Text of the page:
Two years ago, I was teaching at a school on a picturesque campus. During the warmer months I loved to ride my bike to classes. One day, I was riding down a washed-out and relatively steep road without my bike helmet. I guess I wasn't paying attention and ended up slamming on the brakes. Before I knew it, I'd flown over the handlebars and landed on the road in a heap. I must admit that my first thought was one of embarrassment. I scanned the area to see if anyone had been watching.
Banged up and dazed, I picked up my bike and walked to a nearby building, where I found two friends. I told them what had happened and asked if they could help me clean up my hands and legs, since they were bleeding. They quickly agreed to help, and found a quiet place to have me sit. As I sat there, the pain and shock felt immense. I was starting to lose consciousness, so I asked these friends, who were also Christian Scientists, if they could pray for me and share some spiritual thoughts out loud.
My friends talked about God being a steady and reliable support for me. The Bible says, "God is our refuge and strength, a very present help in trouble" (Ps. 46:1). I was beginning to see that I didn't have to be embarrassed or scared of injuries. One friend got a copy of Science and Health and began reading to me. Though I don't remember the specific words he read, I felt embraced by this friend's care. I knew this expression of kindness was ultimately coming from God—the one true, always-attentive, divine Love.
I was able to maintain consciousness as my friends finished helping to clean and bandage the wounds on my arms and legs. They loaded my bike into a school van and took me home, where my roommate prepared a bath for me. This steady flow of kindness proved to me that God never "drops the ball" or forgets anyone. I felt the deeply peaceful sense that my refuge and strength really did come from God, and that I didn't have to expect a long period of recovery.
That evening, I called a Christian Science practitioner to pray specifically for me, because prior healings had proved to me the effectiveness of prayer-based treatment. She reassured me of something Jesus said, "The kingdom of heaven is at hand" (Matt. 10:7). This was a state of thinking or consciousness that remained with me. How could I, as God's spiritual idea, exist or travel beyond the range of God's care? It occurred to me that we can live in "the kingdom of heaven" whatever we're doing, because it represents a quality of thinking, rather than a place. No one and nothing can stop the inspiration, security, and comfort that characterize heavenly thinking. At the same time, this doesn't mean we should try to test the limits with careless actions while saying that God will protect us. While I knew it would have been wise to wear a bike helmet, I didn't need to beat myself up mentally for leaving it behind that day. I never again felt dazed or as if I was about to lose consciousness.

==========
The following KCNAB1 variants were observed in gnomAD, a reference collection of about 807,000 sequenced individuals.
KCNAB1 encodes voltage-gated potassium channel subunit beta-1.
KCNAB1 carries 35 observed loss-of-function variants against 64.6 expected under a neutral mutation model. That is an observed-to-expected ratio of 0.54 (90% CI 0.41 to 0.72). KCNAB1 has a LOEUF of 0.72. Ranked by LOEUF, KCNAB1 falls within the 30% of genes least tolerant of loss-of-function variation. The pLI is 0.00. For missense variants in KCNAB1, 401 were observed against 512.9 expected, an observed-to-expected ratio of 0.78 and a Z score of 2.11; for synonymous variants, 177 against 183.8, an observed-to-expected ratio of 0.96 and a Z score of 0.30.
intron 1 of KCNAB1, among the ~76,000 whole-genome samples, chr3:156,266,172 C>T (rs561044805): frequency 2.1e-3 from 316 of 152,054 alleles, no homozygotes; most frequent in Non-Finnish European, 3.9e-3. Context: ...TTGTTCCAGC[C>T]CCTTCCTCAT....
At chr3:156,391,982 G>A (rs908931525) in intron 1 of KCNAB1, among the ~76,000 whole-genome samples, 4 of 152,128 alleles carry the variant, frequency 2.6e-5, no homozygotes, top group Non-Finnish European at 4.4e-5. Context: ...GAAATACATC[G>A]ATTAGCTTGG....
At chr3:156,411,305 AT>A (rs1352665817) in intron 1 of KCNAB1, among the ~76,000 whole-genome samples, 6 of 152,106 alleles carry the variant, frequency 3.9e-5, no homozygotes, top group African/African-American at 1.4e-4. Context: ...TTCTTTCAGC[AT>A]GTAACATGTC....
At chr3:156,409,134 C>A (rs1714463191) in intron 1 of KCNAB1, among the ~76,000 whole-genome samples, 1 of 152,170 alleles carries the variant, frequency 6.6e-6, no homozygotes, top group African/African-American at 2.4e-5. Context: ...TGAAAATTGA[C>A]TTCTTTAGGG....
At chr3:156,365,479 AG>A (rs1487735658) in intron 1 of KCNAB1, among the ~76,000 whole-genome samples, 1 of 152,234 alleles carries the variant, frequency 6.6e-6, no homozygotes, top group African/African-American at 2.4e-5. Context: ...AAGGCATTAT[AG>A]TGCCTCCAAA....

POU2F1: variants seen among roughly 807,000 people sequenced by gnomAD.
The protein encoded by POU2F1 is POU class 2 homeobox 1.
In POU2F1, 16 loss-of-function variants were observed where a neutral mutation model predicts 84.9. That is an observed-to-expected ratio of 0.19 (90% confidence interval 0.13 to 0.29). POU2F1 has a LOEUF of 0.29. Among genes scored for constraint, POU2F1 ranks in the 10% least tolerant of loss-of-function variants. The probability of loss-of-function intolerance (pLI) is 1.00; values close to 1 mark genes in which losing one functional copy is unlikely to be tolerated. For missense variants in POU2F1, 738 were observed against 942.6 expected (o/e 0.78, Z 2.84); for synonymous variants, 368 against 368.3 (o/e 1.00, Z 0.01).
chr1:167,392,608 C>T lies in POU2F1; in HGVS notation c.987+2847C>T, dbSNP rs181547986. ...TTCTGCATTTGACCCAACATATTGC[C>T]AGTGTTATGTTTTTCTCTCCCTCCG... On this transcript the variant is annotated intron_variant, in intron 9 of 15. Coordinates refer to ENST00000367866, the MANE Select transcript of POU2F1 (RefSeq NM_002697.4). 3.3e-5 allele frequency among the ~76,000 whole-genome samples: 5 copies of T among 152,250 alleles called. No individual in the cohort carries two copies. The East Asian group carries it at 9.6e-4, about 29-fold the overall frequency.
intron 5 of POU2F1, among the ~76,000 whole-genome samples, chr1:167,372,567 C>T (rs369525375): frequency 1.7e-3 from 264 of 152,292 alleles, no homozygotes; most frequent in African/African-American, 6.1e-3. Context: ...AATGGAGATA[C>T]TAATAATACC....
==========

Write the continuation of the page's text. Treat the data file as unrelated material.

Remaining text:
That night I rested well. The next morning I felt ready to return to teaching my art class, but needed to have more substantial bandaging. I called a Christian Science nurse, and she advised me about proper cleaning and care. So I obtained the needed supplies and was able to get right back into the swing of things.
For the next couple of days, I continued to pray with the practitioner. At one point, I remember feeling frustrated that the wounds on my arms and legs weren't healing as quickly as I expected. I wondered about infection. But I saw how praying daily to maintain purity of thought helps me recognize, on a regular basis, that irritation isn't congruent with my true spiritual nature. If there wasn't any irritation or disturbance in my thinking, I reasoned, then I couldn't feel it in my body. I was also learning that prayer isn't a tool to accelerate physical healing, making life more convenient. Rather, prayer is a joyful activity, and it's natural to experience the effectiveness of this communing with God, through healing.
It soon became clear that I'd been pretty worked up about some things at school. Before the end of the year, I had many reports to write, and I also had to move to a new apartment. All of these demands had left me feeling depleted. But through prayer, my thoughts about the situation changed, and I started to feel more peaceful. Within a week, the wounds on my arms and legs healed up, and I was running around playing capture the flag for our all-school Field Day Event. There weren't any scars, emotional or physical, from this experience and I continue to enjoy riding my bike.
MADISON, WISCONSIN, US
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